admitted to the neuroscience center genetics program in Iowa State University, and there I basically focused on the mechanisms for
environmental toxin-induced nerve cell degeneration, which is highly relevant to the Parkinson's disease research. I was awarded a
Ph.D. degree in genetics and neuroscience in 2005. That same year, my wife also was awarded the master degrees from also Iowa
State University. Currently I'm now a research scientist in the department of neurology at Johns Hopkins University, and my current
work also focuses on the pathogenic mechanisms in neurodegenerative disease, including Alzheimer's disease, Parkinson's disease and
amyotrophic lateral sclerosis, also known as Lou Gehrig's disease. Our lab is one of the best leading labs in the research of this disease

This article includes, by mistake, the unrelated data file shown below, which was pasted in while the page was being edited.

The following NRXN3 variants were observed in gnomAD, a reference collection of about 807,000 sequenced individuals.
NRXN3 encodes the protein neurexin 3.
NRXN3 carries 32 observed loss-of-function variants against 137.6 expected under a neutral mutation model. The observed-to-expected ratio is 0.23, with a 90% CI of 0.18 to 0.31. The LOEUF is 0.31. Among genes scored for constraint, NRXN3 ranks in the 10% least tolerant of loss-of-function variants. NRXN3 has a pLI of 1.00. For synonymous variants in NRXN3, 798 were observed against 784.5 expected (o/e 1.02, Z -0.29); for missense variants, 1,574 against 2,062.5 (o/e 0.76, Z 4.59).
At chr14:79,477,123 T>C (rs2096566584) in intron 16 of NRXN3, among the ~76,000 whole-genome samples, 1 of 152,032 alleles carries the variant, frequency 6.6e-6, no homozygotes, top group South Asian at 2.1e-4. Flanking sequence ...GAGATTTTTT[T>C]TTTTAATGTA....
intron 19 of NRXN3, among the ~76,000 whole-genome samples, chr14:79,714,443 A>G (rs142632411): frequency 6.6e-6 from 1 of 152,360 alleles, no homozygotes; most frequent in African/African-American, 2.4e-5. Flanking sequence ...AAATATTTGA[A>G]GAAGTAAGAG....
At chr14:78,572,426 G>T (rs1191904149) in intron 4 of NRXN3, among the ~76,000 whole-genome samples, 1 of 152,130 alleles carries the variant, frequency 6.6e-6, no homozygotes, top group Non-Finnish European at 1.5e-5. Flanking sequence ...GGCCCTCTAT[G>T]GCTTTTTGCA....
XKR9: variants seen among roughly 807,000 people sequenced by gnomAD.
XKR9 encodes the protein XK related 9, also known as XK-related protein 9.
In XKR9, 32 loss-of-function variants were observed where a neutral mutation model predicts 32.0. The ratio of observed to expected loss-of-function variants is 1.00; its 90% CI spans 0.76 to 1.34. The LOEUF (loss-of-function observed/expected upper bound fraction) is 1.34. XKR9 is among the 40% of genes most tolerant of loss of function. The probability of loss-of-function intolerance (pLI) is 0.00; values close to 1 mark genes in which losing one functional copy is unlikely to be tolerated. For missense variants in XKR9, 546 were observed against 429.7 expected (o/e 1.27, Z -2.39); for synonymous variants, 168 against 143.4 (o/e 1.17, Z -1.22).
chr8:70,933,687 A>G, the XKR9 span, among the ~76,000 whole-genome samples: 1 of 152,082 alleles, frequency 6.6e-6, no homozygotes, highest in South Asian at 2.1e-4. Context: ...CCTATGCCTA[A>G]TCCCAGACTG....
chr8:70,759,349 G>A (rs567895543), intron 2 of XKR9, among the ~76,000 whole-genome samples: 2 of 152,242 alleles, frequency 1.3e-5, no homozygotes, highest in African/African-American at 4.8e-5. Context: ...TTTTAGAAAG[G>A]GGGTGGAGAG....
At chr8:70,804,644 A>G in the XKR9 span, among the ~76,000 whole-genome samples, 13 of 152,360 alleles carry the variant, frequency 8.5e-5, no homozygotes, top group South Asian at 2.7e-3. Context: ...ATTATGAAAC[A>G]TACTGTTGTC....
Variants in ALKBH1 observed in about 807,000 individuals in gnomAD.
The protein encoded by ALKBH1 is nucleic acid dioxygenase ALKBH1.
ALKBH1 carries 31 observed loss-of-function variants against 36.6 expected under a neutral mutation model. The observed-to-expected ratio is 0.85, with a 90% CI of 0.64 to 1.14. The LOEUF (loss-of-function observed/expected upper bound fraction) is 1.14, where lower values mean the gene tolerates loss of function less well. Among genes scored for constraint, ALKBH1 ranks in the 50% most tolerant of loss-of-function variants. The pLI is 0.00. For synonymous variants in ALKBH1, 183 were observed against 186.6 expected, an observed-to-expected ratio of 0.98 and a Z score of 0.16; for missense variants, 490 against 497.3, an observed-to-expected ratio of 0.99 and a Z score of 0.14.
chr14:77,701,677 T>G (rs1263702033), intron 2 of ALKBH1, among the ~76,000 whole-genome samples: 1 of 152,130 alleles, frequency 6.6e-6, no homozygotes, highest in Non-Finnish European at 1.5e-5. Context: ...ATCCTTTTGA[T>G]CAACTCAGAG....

in the world. By better understanding the pathogenic mechanisms of the disease, we hope to develop effective neuroprotective
strategies to cure or delay the progression of this disease. We hope to find the cure here. On a personal note, I married my wife while
we were both at Iowa State University, and my wife also works at Johns Hopkins University as a specialist in Parkinson's disease
                           For every action there is an equal and opposite government program – Bob Wells
USF Debate 2010-2011                                                                                                           2AC Updates
Gonzo                                                                                                                                     5/8
research. We have a U.S. citizen daughter who is about four years old, and we recently just bought a house in Ellicott City, Maryland.
So we do plan to stay here long. I currently have H-1B status which will expire next year. Also, I have filed my immigrant visa
petition in May 2006 and got approved last year in February, but I haven't received my green card yet because of the severe backlog of